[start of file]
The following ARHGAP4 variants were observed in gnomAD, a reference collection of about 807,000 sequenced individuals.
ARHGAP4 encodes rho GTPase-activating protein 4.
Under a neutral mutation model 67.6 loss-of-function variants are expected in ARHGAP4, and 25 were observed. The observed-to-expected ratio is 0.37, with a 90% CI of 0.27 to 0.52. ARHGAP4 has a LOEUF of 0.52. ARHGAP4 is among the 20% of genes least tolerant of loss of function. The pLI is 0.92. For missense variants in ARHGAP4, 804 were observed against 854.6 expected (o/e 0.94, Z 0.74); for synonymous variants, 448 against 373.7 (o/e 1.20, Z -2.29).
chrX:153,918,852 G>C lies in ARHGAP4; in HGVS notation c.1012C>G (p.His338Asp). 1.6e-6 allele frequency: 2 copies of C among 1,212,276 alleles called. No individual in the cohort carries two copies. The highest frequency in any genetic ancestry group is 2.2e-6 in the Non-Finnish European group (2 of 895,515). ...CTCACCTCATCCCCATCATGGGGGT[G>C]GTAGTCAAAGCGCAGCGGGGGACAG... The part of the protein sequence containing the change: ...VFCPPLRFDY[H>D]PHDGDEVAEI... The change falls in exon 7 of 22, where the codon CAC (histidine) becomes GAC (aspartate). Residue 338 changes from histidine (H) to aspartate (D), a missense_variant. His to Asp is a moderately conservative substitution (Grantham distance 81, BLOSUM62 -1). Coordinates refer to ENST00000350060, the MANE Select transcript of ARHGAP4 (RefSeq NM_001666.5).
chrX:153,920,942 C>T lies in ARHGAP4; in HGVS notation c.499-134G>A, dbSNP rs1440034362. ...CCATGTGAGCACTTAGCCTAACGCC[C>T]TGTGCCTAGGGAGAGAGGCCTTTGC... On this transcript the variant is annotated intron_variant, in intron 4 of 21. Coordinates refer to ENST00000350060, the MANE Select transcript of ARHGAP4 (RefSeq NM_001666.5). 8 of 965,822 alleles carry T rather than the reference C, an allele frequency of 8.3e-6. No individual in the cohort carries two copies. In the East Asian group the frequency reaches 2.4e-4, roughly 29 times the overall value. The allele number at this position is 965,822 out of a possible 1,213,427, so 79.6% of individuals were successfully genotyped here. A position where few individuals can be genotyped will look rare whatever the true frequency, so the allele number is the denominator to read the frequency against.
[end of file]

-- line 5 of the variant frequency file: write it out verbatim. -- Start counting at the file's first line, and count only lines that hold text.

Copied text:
chrX:153,920,942 C>T lies in ARHGAP4; in HGVS notation c.499-134G>A, dbSNP rs1440034362. ...CCATGTGAGCACTTAGCCTAACGCC[C>T]TGTGCCTAGGGAGAGAGGCCTTTGC... On this transcript the variant is annotated intron_variant, in intron 4 of 21. Coordinates refer to ENST00000350060, the MANE Select transcript of ARHGAP4 (RefSeq NM_001666.5). 8 of 965,822 alleles carry T rather than the reference C, an allele frequency of 8.3e-6. No individual in the cohort carries two copies. In the East Asian group the frequency reaches 2.4e-4, roughly 29 times the overall value. The allele number at this position is 965,822 out of a possible 1,213,427, so 79.6% of individuals were successfully genotyped here. A position where few individuals can be genotyped will look rare whatever the true frequency, so the allele number is the denominator to read the frequency against.